Parents need to know that Echo Generation is a turn-based RPG (role-playing game) available for download on the Xbox One and Xbox Series X/S. It will be released on Windows in late 2021. Fueled by late '80s-early '90s nostalgia and a unique 3D pixel art style, the story centers around a kid (an avatar that the player can pick from a diverse set of options) who is investigating paranormal occurrences in an unnamed small town. Joined by their younger sister and a small army of pets, the player character must use weapons such as a hockey stick and boxing gloves to face off with everything from a giant animatronic clown to a group of talking raccoons blocking the road. As most of the gameplay involves combat, there's repeated cartoon violence and some blood effects. There are also some spooky, potentially disturbing elements such as a villain who kidnaps children and a boss battle that begins with a jump scare.

User Reviews

  • Parents say
  • Kids say

There aren't any reviews yet. Be the first to review this title.

There aren't any reviews yet. Be the first to review this title.

What's it about?

The player character in ECHO GENERATION is a typical suburban kid in 1993. They have the freedom to roam the neighborhood with their spunky younger sister, and it's only to be expected that with this freedom comes a tendency to look for trouble. They don't have to look far, though, as the town is experiencing a set of strange occurrences with extraterrestrial overtones. There are two main sets of tasks -- item puzzles ("if you find a [strange item] and give it to me, I'll give you a [stranger item, which you will probably have to give to someone else at some point]) and combat. The overall goal is to investigate the origin of a spaceship that has crashed into a cornfield on the outskirts of town and look into the suspected involvement of FST, a faceless megacompany and former employer of your father, who disappeared under mysterious circumstances five years ago.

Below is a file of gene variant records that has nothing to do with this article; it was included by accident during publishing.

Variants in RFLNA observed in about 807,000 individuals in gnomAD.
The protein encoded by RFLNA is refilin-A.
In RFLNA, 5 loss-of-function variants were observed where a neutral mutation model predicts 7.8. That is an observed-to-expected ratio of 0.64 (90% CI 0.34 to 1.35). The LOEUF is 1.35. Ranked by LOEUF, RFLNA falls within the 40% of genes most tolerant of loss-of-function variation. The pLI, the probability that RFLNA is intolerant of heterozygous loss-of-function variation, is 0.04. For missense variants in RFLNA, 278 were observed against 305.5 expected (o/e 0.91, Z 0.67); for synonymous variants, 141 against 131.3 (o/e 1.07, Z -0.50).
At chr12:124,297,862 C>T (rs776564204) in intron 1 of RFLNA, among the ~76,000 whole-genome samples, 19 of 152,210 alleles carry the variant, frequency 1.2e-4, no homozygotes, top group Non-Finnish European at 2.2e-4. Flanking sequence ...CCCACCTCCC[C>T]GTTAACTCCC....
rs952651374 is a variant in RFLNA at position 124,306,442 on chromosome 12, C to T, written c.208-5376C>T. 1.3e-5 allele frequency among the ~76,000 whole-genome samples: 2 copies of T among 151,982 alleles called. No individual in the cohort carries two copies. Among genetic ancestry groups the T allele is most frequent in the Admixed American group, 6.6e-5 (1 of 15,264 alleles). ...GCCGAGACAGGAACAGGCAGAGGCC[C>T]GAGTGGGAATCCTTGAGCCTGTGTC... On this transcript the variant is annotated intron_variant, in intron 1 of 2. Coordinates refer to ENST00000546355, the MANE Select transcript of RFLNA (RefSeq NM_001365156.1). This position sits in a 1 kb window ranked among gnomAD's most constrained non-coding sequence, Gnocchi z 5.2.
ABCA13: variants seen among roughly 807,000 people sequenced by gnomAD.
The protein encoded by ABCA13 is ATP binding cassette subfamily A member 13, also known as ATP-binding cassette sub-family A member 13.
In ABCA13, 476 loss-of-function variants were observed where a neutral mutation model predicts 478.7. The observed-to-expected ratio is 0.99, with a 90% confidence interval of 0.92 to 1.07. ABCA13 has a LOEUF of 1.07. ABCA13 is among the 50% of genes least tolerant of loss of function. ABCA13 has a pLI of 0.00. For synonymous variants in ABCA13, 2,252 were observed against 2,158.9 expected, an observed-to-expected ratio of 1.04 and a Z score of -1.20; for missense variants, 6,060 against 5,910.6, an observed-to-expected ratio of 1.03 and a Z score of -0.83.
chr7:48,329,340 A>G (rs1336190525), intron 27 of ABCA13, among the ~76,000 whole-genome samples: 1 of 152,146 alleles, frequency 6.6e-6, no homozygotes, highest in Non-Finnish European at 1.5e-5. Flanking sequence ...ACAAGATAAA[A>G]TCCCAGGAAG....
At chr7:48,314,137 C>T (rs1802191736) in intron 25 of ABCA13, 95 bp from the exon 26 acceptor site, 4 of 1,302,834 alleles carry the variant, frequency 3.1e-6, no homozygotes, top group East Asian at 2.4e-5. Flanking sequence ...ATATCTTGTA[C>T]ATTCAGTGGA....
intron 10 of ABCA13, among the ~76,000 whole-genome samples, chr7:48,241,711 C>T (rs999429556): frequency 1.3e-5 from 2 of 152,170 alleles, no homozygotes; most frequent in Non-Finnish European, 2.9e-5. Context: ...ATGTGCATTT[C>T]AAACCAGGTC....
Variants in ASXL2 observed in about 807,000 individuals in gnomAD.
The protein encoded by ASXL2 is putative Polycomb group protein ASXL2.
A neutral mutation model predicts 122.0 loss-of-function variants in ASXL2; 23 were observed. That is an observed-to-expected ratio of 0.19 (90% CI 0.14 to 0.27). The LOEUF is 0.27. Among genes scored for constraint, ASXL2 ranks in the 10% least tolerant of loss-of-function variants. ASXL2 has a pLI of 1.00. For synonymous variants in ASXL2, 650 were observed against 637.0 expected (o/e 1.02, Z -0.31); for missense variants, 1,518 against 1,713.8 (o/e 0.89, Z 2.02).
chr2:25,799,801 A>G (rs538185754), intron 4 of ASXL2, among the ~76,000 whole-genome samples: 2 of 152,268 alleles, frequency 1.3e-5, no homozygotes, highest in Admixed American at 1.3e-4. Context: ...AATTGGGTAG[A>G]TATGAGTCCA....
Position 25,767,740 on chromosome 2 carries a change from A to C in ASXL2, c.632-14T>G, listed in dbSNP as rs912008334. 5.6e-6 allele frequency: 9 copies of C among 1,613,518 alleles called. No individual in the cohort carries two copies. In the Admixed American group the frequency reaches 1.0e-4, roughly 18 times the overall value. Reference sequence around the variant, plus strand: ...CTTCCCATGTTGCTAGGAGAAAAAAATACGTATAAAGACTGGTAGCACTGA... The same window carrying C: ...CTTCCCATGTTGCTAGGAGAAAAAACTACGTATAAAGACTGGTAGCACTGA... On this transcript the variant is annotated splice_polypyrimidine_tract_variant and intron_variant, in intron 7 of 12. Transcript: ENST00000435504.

Is it any good?

The overall tone of this role-playing game is The X-Files meets Rugrats (meets Stranger Things meets Close Encounters of the Third Kind), but it's also a lot of fun. Echo Generation is full of movie and TV references that are a joy for those who may remember them, but isn't alienating to those who may not. The main story takes a back seat to the puzzles and combat, opting to focus on smaller goals such as boss battles. It's not until the last third of the game where the main story takes over as a singular focus, but the game's consistently entertaining from beginning to end.